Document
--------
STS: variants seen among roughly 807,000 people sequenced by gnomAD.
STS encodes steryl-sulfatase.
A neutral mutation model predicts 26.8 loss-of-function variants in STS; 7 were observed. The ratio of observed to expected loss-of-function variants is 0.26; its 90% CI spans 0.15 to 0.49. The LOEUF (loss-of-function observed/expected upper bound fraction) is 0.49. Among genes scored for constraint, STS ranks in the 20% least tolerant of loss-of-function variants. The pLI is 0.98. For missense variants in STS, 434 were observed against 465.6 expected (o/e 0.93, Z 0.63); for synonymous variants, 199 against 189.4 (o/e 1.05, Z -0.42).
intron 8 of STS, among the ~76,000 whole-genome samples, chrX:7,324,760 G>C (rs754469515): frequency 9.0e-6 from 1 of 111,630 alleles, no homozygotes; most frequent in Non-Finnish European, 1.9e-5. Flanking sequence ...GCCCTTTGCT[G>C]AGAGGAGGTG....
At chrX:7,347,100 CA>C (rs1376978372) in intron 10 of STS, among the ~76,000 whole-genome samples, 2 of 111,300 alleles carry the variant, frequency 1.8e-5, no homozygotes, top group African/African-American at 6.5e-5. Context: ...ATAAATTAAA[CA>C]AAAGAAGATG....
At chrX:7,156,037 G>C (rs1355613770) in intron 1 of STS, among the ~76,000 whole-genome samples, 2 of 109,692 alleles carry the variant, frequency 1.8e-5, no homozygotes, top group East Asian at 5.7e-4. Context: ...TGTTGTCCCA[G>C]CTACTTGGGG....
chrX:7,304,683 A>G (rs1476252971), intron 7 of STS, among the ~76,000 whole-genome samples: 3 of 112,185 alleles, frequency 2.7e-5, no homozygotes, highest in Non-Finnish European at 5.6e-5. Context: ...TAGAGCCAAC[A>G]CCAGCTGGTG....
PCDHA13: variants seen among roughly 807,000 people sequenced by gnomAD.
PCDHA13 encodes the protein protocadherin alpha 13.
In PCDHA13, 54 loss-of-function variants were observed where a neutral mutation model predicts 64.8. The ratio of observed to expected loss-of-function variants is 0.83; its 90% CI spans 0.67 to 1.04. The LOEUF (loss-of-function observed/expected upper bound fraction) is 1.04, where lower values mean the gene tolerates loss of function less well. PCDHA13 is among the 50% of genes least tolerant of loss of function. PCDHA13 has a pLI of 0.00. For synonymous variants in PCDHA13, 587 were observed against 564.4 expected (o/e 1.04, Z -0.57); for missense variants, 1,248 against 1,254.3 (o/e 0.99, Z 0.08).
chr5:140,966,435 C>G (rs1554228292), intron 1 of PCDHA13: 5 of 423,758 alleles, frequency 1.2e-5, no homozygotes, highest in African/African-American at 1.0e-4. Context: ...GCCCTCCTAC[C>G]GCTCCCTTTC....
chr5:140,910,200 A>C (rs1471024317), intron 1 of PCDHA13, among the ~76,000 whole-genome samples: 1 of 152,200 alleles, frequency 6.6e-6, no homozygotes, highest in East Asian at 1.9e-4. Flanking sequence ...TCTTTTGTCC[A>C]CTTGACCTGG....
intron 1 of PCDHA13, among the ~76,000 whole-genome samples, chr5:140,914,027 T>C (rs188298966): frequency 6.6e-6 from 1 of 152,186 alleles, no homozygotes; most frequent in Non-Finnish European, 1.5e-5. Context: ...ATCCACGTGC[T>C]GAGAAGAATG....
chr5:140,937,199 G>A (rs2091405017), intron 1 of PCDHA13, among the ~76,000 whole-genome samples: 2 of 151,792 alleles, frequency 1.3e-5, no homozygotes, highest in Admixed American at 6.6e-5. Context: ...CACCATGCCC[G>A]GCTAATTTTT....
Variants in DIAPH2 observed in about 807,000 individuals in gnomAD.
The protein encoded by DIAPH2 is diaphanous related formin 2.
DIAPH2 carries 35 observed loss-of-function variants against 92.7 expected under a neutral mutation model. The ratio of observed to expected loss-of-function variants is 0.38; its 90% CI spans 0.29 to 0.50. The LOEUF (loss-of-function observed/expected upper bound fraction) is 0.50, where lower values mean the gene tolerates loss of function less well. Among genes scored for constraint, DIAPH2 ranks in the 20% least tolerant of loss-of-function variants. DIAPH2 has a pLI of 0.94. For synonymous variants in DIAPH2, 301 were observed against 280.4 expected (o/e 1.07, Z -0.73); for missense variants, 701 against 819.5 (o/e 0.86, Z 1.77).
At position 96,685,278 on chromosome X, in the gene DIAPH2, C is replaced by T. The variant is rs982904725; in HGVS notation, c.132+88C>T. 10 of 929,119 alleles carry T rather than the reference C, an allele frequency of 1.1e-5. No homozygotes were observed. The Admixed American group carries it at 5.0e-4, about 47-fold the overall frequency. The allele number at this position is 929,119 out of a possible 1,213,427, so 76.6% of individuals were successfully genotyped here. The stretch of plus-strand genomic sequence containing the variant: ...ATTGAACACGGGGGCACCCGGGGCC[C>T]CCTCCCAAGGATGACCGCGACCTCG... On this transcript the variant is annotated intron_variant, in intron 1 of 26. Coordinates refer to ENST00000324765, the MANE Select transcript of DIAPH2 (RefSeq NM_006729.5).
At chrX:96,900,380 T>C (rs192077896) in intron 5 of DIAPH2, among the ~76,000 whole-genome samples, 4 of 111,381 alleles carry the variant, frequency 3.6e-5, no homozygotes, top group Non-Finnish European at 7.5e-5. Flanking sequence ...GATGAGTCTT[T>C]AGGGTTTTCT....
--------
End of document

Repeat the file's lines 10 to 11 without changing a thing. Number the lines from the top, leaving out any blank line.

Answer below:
In PCDHA13, 54 loss-of-function variants were observed where a neutral mutation model predicts 64.8. The ratio of observed to expected loss-of-function variants is 0.83; its 90% CI spans 0.67 to 1.04. The LOEUF (loss-of-function observed/expected upper bound fraction) is 1.04, where lower values mean the gene tolerates loss of function less well. PCDHA13 is among the 50% of genes least tolerant of loss of function. PCDHA13 has a pLI of 0.00. For synonymous variants in PCDHA13, 587 were observed against 564.4 expected (o/e 1.04, Z -0.57); for missense variants, 1,248 against 1,254.3 (o/e 0.99, Z 0.08).
chr5:140,966,435 C>G (rs1554228292), intron 1 of PCDHA13: 5 of 423,758 alleles, frequency 1.2e-5, no homozygotes, highest in African/African-American at 1.0e-4. Context: ...GCCCTCCTAC[C>G]GCTCCCTTTC....